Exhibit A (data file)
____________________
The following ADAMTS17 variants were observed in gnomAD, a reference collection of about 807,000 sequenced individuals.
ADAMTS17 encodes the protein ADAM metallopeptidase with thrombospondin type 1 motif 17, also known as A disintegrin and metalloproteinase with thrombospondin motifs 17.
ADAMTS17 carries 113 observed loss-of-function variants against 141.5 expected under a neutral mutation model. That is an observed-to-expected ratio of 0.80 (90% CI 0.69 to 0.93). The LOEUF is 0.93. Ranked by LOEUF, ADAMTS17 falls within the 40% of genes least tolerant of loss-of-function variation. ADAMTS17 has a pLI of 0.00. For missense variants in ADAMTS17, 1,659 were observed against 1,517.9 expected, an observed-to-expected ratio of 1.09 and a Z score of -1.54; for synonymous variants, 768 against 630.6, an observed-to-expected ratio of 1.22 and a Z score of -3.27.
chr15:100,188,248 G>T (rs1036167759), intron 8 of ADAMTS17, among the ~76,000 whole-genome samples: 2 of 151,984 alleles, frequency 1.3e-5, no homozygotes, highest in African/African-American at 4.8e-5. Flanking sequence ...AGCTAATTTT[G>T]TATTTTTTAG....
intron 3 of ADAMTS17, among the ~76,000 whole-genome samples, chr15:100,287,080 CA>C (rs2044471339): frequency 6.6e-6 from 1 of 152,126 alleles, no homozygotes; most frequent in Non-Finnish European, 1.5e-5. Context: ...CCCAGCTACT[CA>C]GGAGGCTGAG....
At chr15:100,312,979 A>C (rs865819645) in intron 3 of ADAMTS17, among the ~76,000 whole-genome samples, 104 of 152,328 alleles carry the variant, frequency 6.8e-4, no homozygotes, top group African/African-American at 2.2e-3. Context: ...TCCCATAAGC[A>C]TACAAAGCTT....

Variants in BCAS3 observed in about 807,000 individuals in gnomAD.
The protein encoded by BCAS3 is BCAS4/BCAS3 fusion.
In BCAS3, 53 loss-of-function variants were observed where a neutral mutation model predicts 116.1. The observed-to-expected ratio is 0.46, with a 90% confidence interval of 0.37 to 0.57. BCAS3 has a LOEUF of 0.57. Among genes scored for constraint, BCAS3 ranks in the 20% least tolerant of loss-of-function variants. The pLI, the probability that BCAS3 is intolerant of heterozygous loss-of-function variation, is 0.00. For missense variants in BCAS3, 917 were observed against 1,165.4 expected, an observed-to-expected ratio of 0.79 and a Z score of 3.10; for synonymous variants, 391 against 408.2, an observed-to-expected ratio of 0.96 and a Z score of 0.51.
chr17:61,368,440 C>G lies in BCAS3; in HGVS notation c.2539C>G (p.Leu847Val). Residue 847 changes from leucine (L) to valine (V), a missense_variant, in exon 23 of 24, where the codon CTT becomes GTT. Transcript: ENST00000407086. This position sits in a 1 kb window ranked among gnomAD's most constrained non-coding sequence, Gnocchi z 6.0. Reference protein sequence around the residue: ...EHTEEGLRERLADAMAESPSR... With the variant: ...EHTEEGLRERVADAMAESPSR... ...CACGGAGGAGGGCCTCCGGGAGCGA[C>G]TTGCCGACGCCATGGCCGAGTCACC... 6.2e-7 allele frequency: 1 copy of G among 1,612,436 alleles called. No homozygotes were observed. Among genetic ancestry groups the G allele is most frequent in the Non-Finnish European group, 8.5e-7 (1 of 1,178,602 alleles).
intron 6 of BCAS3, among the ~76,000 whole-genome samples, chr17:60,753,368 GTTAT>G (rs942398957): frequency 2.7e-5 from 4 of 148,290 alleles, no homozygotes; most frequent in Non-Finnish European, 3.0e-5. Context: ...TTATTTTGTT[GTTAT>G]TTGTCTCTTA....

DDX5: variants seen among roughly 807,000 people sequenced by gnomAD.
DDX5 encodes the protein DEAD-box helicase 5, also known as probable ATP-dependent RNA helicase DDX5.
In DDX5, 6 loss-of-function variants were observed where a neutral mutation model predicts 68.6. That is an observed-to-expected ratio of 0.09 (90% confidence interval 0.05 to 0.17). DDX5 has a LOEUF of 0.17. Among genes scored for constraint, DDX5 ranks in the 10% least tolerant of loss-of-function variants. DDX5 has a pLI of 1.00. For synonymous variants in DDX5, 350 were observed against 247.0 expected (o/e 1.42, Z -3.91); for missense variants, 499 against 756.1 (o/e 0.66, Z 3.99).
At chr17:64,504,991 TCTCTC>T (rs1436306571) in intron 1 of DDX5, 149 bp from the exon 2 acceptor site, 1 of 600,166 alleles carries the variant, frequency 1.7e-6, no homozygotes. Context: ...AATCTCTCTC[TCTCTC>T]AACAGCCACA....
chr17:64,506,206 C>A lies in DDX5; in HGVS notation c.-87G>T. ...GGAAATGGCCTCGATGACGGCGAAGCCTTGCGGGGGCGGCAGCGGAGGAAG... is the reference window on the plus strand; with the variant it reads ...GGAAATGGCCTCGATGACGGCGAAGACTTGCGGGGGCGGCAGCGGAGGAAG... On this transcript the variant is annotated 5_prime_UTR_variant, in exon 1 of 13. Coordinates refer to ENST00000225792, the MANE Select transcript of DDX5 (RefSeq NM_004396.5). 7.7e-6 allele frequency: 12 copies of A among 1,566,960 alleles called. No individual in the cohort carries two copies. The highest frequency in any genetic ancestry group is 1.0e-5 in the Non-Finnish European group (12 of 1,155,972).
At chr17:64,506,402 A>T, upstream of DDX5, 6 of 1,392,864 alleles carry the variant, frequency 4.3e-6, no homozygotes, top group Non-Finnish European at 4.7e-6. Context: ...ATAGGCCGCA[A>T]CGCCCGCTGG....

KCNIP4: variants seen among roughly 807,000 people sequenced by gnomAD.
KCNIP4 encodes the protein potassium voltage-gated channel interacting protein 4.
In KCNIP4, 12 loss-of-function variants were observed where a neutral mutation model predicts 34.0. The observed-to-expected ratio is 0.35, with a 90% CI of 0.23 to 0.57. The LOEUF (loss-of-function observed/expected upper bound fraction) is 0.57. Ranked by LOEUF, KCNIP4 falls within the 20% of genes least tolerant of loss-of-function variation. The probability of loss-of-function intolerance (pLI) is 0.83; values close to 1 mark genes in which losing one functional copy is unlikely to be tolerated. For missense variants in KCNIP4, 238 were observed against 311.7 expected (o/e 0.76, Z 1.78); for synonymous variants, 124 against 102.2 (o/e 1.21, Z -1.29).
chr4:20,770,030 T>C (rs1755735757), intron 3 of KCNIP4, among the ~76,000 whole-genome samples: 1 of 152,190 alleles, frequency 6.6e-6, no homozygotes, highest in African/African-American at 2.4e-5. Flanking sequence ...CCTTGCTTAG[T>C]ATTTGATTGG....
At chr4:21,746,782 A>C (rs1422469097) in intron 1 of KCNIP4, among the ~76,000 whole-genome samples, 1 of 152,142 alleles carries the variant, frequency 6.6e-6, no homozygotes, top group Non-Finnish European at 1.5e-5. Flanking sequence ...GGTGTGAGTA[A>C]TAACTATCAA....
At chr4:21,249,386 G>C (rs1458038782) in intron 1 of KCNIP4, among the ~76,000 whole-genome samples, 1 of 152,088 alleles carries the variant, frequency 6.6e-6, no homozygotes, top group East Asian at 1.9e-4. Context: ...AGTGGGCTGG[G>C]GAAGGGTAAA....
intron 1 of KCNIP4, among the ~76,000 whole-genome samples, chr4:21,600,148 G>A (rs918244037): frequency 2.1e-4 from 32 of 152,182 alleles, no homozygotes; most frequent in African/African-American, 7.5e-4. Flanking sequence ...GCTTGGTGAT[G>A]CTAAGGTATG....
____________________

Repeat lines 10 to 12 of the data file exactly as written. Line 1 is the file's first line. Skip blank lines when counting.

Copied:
chr17:61,368,440 C>G lies in BCAS3; in HGVS notation c.2539C>G (p.Leu847Val). Residue 847 changes from leucine (L) to valine (V), a missense_variant, in exon 23 of 24, where the codon CTT becomes GTT. Transcript: ENST00000407086. This position sits in a 1 kb window ranked among gnomAD's most constrained non-coding sequence, Gnocchi z 6.0. Reference protein sequence around the residue: ...EHTEEGLRERLADAMAESPSR... With the variant: ...EHTEEGLRERVADAMAESPSR... ...CACGGAGGAGGGCCTCCGGGAGCGA[C>G]TTGCCGACGCCATGGCCGAGTCACC... 6.2e-7 allele frequency: 1 copy of G among 1,612,436 alleles called. No homozygotes were observed. Among genetic ancestry groups the G allele is most frequent in the Non-Finnish European group, 8.5e-7 (1 of 1,178,602 alleles).
intron 6 of BCAS3, among the ~76,000 whole-genome samples, chr17:60,753,368 GTTAT>G (rs942398957): frequency 2.7e-5 from 4 of 148,290 alleles, no homozygotes; most frequent in Non-Finnish European, 3.0e-5. Context: ...TTATTTTGTT[GTTAT>G]TTGTCTCTTA....

DDX5: variants seen among roughly 807,000 people sequenced by gnomAD.